Thanks, Mr. Neinas

He orchestrated renewal of Big 12

By Walt Braun

It might be an exaggeration to say that Chuck Neinas saved the Big 12 Conference, but it’s hard to imagine what the conference would be like without his recent involvement.

He took over as interim commissioner last September after Dan Beebe was fired — at a time the conference, a once-proud group of 12 teams, was slipping from 10 toward eight teams and even greater uncertainty.

And in a matter of eight months, Mr. Neinas stabilized a conference on the verge of disintegrating. Even better, he presided over the welcoming of Texas Christian University and West Virginia University to the conference. They replaced Texas A&M and Missouri, both of which quit to join the Southeastern Conference. “The main thing,” Mr. Neinas told the Kansas City Star, “was to solidify the conference, get them working together and moving forward together.”

He did that, and much more. To his credit, he had the respect of conference officials from the outset. He had earned it through a long and varied career that included service as Big 8 Conference commissioner from 1971 to 1980 and that has left him one of the most respected college figures in the country.

Mr. Neinas hasn’t just stabilized the Big 12, he has been involved in a vastly improved television package that is expected to sharply increase the teams’ annual revenue and boost regional and national TV exposure. Schools could each receive up to $20 million a year, more than twice what some of the members now receive in such arrangements.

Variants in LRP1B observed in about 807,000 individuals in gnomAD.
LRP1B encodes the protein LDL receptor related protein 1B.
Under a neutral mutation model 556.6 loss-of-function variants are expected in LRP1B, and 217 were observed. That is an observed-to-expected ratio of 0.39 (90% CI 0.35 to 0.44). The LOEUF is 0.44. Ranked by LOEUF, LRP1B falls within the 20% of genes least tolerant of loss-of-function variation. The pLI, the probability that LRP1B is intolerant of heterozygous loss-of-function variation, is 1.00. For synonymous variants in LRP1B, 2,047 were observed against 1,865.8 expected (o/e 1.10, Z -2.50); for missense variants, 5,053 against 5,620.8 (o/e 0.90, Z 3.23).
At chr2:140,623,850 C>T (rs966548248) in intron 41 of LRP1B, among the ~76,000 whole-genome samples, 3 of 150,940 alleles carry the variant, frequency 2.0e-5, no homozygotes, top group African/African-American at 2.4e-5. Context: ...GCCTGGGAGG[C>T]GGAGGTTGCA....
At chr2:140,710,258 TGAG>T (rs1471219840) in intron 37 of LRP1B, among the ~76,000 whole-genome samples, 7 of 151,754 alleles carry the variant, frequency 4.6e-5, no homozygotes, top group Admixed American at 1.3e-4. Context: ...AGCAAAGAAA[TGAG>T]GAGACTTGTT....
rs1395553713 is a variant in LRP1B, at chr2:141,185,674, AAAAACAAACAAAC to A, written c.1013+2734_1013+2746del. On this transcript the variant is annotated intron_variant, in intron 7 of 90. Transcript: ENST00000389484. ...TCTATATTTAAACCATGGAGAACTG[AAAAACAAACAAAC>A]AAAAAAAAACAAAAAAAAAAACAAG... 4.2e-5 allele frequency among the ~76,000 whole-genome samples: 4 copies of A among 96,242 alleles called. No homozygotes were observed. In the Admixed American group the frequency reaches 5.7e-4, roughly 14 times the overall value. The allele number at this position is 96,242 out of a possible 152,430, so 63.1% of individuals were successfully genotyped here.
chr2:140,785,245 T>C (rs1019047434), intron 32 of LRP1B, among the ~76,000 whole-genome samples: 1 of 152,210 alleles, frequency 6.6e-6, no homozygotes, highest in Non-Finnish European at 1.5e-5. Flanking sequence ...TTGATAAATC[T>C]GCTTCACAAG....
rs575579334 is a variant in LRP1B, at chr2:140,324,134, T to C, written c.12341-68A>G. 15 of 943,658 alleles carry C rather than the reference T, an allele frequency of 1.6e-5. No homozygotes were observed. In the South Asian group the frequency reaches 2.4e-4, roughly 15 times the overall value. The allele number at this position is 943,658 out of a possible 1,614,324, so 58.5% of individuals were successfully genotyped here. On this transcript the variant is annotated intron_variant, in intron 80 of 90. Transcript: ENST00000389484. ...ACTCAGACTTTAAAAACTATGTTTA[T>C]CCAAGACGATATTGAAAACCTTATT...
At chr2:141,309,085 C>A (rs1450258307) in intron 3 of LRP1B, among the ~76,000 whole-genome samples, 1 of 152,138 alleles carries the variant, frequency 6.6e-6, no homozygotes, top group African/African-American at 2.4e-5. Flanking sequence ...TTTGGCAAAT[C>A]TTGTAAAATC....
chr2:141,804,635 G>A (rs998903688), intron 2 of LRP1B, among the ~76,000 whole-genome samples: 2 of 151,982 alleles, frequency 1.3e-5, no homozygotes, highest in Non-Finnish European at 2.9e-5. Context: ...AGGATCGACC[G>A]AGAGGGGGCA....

More recently the Big 12 and SEC have announced plans for what is being called the Champions Bowl, a postseason game between the two conference champions. If the champions are involved in the national championship picture, the next strongest available teams from the two conferences would play.

Just as important but perhaps less tangible is the effect Mr. Neinas has had on the conference’s unity. His professionalism, his force of will and his good will prevailed over the rivalries that left the conference vulnerable. As a result, the Big 12 is as strong now as it has been in recent memory.

It is strong enough that members don’t feel pressured to expand, despite the extra revenue a conference championship would attract. And it is strong enough now that other schools with solid programs — Florida State comes immediately to mind — have expressed overt interest in joining the Big 12.

And the conference is strong enough to have attracted Bob Bowlsby, former athletic director at Stanford University, to succeed Mr. Neinas July 1.

Mr. Bowlsby will face all the challenges of contemporary college athletics, but thanks in large part to Mr. Neinas, he will start from a position of strength.

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